RS: Do you have a usual way of reaching the most comfortable internal time experience which allows you to create? For example, do you bracket or suspend the world before you create?

GWIN: I don't think the kind of separation of my life into clearly defined functions exists in the way you seem to treat it. I try not to bracket or suspend the world. My work is a major portion of my existence and the flow between it and other portions of my life is very smooth and unbroken. I feel that I never stop working; that my art is something that underlines the whole of my life in much the same way my heartbeat does.

RS: What is the flow of time you experience with Nature?

GWIN: For the sake of efficiency man decided that it would be good if everyone decided to do similar things at similar times. This has become more basic to our lives than it should ever have become and has therefore become arbitrary. There is another ordering of motion that is more natural to life. It has nothing to do with appointments and everything to do with the pulsing of the organism.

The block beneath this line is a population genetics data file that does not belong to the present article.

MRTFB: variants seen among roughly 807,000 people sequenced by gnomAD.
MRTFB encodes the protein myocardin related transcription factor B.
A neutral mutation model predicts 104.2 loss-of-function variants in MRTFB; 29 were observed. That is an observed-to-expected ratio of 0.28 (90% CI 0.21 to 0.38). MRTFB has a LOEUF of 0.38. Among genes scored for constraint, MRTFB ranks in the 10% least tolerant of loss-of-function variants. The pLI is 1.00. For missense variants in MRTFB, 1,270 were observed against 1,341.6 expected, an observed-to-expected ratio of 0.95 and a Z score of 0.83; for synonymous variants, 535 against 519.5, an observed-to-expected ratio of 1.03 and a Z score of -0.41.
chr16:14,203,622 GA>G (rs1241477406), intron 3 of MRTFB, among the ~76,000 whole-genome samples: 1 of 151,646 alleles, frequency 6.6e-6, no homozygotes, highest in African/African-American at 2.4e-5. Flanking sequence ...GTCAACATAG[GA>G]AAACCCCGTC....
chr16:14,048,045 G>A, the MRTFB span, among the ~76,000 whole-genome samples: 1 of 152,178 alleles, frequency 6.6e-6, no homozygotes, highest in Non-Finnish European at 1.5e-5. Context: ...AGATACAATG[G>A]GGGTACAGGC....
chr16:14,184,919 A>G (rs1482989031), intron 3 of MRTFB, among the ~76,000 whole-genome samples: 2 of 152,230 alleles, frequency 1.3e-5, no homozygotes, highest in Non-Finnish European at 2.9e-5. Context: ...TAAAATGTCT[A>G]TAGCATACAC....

RS: You talk of your works as objects existing in time, as other things exist in time. Yet people on occasion feel themselves to exist or be outside of time. A usual test of great art was that it would exist through time, and when people looked at it, they would not know at that moment the real time of the world, wherever that particular social reality was. Have you abandoned this position for your art? Does it have the quality -- do you even want it to have this quality -- of existing out of time? Do you want people to feel this when they view your work? Do you think that reality is coterminous with experience? Do you think that reality is on a continuum with experience? Which would you prefer your audience to fee l when they look at your works?

GWIN: I have never been able to understand the notion of forever. I can't imagine the boundaries of reality or experience. I cannot comprehend a reality outside from my experience.

(Complete article file) (Internet Posting)


To read a another (brief) biography of Bill Gwin go to the Experimental TV Center archive >>>>